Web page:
REGIONAL non-bank lender Southern Finance has frozen investors' access to funds while it pushes ahead with a sale of the business to Bendigo and Adelaide Bank.
The sale of Southern comes on the heels of the collapse last month of regional non-bank lender Banksia Group, which put in doubt up to $660 million of investor funds.
For its part Southern has $290 million worth of investor funds on deposit. Its loan book specialises in equipment finance and commercial property assets and it has a financial planning business.
The Australian Securities and Investments Commission has set up a taskforce to regulate the debenture industry in the wake of the Banksia collapse.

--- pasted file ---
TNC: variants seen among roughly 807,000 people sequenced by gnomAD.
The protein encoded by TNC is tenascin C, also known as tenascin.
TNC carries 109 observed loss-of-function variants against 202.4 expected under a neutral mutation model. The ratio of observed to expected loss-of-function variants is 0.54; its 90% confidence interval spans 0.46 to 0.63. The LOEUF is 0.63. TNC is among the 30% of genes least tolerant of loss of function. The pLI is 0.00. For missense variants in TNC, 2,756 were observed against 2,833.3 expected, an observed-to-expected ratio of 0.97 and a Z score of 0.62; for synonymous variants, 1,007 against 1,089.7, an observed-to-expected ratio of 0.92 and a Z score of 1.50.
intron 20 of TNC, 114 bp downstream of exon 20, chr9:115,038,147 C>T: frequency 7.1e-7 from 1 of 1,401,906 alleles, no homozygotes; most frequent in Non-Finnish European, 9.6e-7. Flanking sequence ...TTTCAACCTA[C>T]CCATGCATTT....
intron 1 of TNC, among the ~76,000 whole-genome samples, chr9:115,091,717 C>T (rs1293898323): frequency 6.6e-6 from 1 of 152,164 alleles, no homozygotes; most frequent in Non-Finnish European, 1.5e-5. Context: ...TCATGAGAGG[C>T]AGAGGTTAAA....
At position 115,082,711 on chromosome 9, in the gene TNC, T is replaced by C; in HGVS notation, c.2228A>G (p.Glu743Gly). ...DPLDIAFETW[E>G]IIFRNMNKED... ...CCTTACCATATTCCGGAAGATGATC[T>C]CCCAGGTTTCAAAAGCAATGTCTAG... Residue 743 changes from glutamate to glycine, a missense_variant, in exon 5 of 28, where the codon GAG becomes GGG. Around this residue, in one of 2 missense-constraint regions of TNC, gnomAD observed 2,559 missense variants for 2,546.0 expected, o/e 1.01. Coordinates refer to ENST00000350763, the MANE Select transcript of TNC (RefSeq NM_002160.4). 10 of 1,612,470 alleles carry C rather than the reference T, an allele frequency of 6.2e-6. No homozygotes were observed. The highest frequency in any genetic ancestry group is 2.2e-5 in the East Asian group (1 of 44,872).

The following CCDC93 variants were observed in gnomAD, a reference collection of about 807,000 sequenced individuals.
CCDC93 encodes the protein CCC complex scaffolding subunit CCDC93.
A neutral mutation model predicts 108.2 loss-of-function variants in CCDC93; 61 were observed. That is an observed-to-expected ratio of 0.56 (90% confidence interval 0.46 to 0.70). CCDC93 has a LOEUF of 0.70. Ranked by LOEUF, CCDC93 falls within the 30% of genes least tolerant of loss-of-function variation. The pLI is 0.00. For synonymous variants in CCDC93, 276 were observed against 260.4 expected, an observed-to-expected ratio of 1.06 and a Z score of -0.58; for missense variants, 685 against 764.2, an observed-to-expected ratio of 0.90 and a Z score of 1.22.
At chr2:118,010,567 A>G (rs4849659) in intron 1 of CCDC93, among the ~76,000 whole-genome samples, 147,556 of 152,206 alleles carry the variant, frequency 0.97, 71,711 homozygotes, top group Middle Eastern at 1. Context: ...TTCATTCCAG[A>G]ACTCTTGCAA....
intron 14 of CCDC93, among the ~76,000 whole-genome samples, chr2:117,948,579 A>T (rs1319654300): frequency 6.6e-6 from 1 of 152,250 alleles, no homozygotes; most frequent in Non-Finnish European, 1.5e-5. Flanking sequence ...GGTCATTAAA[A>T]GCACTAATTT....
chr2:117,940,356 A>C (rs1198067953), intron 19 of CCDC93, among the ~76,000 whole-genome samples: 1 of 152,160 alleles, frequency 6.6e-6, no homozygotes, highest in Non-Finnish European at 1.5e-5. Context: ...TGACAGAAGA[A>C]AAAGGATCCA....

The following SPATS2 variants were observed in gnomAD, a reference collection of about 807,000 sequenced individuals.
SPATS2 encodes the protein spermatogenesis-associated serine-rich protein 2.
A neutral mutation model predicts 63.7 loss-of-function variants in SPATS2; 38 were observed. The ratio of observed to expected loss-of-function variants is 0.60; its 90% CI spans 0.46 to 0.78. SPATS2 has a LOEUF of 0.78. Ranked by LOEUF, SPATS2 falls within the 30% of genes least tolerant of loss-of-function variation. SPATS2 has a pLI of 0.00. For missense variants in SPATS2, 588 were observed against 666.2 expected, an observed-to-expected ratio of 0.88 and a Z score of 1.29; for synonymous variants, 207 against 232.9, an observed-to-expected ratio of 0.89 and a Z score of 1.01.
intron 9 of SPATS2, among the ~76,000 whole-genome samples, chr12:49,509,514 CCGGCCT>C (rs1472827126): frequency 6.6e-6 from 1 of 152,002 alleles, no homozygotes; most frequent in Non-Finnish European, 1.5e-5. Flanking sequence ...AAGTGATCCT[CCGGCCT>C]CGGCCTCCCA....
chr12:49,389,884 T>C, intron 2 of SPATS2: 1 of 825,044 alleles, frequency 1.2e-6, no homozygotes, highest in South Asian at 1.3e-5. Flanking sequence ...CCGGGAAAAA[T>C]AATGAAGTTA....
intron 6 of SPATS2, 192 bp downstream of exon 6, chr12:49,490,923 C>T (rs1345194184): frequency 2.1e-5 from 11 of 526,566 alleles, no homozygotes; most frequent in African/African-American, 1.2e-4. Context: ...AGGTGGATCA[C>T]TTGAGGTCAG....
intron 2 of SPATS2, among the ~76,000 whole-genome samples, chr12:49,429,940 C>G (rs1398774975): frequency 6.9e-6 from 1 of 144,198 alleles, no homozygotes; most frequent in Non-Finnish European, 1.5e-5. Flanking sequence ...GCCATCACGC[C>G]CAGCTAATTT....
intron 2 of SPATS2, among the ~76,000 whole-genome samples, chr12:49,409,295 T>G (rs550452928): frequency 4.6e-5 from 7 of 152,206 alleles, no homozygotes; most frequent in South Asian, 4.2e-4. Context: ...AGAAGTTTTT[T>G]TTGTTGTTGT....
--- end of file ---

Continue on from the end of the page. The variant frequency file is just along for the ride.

Bendigo confirmed on Monday it had entered into a non-binding heads of agreement to acquire Southern Finance's assets for an undisclosed amount. "We have carefully considered all options and believe the time is right to pursue the proposed transaction with Bendigo and Adelaide Bank," Southern chief executive Ashley King said.
Southern said it was working with Bendigo and Adelaide Bank with the aim of having a binding agreement finalised by December 3.
However, Southern said it was forced to freeze investors' funds to allow the negotiations for the sale to move ahead. The decision to freeze redemptions was to ensure "fair and equal treatment of all investors" in Southern Notes. Southern raises funds from investors and then on-lends these funds for construction and business lending.
Mr King said he expects that access to funds on Southern Notes will recommence after the suspension period ends and "providing that Southern and Bendigo and Adelaide Bank successfully conclude the proposed transaction".